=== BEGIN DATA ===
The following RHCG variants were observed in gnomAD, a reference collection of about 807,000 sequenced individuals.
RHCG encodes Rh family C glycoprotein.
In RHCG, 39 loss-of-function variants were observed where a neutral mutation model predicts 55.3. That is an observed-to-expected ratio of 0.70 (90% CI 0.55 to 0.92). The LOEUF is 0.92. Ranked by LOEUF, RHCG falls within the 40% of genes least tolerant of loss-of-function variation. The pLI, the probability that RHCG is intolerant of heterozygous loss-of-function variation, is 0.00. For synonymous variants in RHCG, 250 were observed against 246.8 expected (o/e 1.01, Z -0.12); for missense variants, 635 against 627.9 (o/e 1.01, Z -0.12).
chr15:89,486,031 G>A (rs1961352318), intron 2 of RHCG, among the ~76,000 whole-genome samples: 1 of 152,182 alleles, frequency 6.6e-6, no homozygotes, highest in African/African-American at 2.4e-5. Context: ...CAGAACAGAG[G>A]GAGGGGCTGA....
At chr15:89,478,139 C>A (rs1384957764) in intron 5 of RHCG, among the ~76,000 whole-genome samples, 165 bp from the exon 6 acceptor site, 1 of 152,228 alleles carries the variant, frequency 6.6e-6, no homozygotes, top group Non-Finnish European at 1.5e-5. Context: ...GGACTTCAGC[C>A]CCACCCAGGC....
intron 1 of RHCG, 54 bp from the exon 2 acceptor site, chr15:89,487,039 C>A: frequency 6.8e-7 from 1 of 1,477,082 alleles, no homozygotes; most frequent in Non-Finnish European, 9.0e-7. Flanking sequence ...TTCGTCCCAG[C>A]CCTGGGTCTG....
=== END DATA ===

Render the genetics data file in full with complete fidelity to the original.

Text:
The following RHCG variants were observed in gnomAD, a reference collection of about 807,000 sequenced individuals.
RHCG encodes Rh family C glycoprotein.
In RHCG, 39 loss-of-function variants were observed where a neutral mutation model predicts 55.3. That is an observed-to-expected ratio of 0.70 (90% CI 0.55 to 0.92). The LOEUF is 0.92. Ranked by LOEUF, RHCG falls within the 40% of genes least tolerant of loss-of-function variation. The pLI, the probability that RHCG is intolerant of heterozygous loss-of-function variation, is 0.00. For synonymous variants in RHCG, 250 were observed against 246.8 expected (o/e 1.01, Z -0.12); for missense variants, 635 against 627.9 (o/e 1.01, Z -0.12).
chr15:89,486,031 G>A (rs1961352318), intron 2 of RHCG, among the ~76,000 whole-genome samples: 1 of 152,182 alleles, frequency 6.6e-6, no homozygotes, highest in African/African-American at 2.4e-5. Context: ...CAGAACAGAG[G>A]GAGGGGCTGA....
At chr15:89,478,139 C>A (rs1384957764) in intron 5 of RHCG, among the ~76,000 whole-genome samples, 165 bp from the exon 6 acceptor site, 1 of 152,228 alleles carries the variant, frequency 6.6e-6, no homozygotes, top group Non-Finnish European at 1.5e-5. Context: ...GGACTTCAGC[C>A]CCACCCAGGC....
intron 1 of RHCG, 54 bp from the exon 2 acceptor site, chr15:89,487,039 C>A: frequency 6.8e-7 from 1 of 1,477,082 alleles, no homozygotes; most frequent in Non-Finnish European, 9.0e-7. Flanking sequence ...TTCGTCCCAG[C>A]CCTGGGTCTG....